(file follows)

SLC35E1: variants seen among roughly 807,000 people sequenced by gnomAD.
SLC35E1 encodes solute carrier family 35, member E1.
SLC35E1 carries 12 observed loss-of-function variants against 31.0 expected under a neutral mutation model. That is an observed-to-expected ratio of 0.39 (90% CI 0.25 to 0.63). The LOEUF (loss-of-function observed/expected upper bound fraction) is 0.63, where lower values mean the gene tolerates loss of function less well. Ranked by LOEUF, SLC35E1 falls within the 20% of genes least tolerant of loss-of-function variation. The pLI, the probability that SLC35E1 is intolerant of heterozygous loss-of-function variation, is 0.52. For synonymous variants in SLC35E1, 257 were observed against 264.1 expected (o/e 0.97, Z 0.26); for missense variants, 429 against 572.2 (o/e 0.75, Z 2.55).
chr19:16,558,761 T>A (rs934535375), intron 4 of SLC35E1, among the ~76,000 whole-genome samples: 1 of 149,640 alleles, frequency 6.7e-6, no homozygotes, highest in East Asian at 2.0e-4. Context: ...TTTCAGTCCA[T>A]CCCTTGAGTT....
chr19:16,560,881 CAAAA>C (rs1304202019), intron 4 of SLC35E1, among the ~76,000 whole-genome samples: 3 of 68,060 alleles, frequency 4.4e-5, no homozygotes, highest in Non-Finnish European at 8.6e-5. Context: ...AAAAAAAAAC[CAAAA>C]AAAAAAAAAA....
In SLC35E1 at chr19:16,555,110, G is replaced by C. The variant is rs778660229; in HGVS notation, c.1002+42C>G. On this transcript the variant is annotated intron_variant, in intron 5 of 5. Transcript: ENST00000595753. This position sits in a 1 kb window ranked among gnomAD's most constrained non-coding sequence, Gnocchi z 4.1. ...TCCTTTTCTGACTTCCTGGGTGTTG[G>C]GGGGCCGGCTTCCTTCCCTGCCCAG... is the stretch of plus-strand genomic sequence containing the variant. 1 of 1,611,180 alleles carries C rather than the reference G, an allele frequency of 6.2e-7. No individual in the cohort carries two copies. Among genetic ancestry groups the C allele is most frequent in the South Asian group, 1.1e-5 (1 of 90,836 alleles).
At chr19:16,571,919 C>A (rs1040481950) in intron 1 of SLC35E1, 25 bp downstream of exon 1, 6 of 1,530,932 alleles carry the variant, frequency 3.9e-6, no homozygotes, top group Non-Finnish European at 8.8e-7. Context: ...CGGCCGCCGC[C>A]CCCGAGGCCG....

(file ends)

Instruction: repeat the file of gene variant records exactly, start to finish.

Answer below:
SLC35E1: variants seen among roughly 807,000 people sequenced by gnomAD.
SLC35E1 encodes solute carrier family 35, member E1.
SLC35E1 carries 12 observed loss-of-function variants against 31.0 expected under a neutral mutation model. That is an observed-to-expected ratio of 0.39 (90% CI 0.25 to 0.63). The LOEUF (loss-of-function observed/expected upper bound fraction) is 0.63, where lower values mean the gene tolerates loss of function less well. Ranked by LOEUF, SLC35E1 falls within the 20% of genes least tolerant of loss-of-function variation. The pLI, the probability that SLC35E1 is intolerant of heterozygous loss-of-function variation, is 0.52. For synonymous variants in SLC35E1, 257 were observed against 264.1 expected (o/e 0.97, Z 0.26); for missense variants, 429 against 572.2 (o/e 0.75, Z 2.55).
chr19:16,558,761 T>A (rs934535375), intron 4 of SLC35E1, among the ~76,000 whole-genome samples: 1 of 149,640 alleles, frequency 6.7e-6, no homozygotes, highest in East Asian at 2.0e-4. Context: ...TTTCAGTCCA[T>A]CCCTTGAGTT....
chr19:16,560,881 CAAAA>C (rs1304202019), intron 4 of SLC35E1, among the ~76,000 whole-genome samples: 3 of 68,060 alleles, frequency 4.4e-5, no homozygotes, highest in Non-Finnish European at 8.6e-5. Context: ...AAAAAAAAAC[CAAAA>C]AAAAAAAAAA....
In SLC35E1 at chr19:16,555,110, G is replaced by C. The variant is rs778660229; in HGVS notation, c.1002+42C>G. On this transcript the variant is annotated intron_variant, in intron 5 of 5. Transcript: ENST00000595753. This position sits in a 1 kb window ranked among gnomAD's most constrained non-coding sequence, Gnocchi z 4.1. ...TCCTTTTCTGACTTCCTGGGTGTTG[G>C]GGGGCCGGCTTCCTTCCCTGCCCAG... is the stretch of plus-strand genomic sequence containing the variant. 1 of 1,611,180 alleles carries C rather than the reference G, an allele frequency of 6.2e-7. No individual in the cohort carries two copies. Among genetic ancestry groups the C allele is most frequent in the South Asian group, 1.1e-5 (1 of 90,836 alleles).
At chr19:16,571,919 C>A (rs1040481950) in intron 1 of SLC35E1, 25 bp downstream of exon 1, 6 of 1,530,932 alleles carry the variant, frequency 3.9e-6, no homozygotes, top group Non-Finnish European at 8.8e-7. Context: ...CGGCCGCCGC[C>A]CCCGAGGCCG....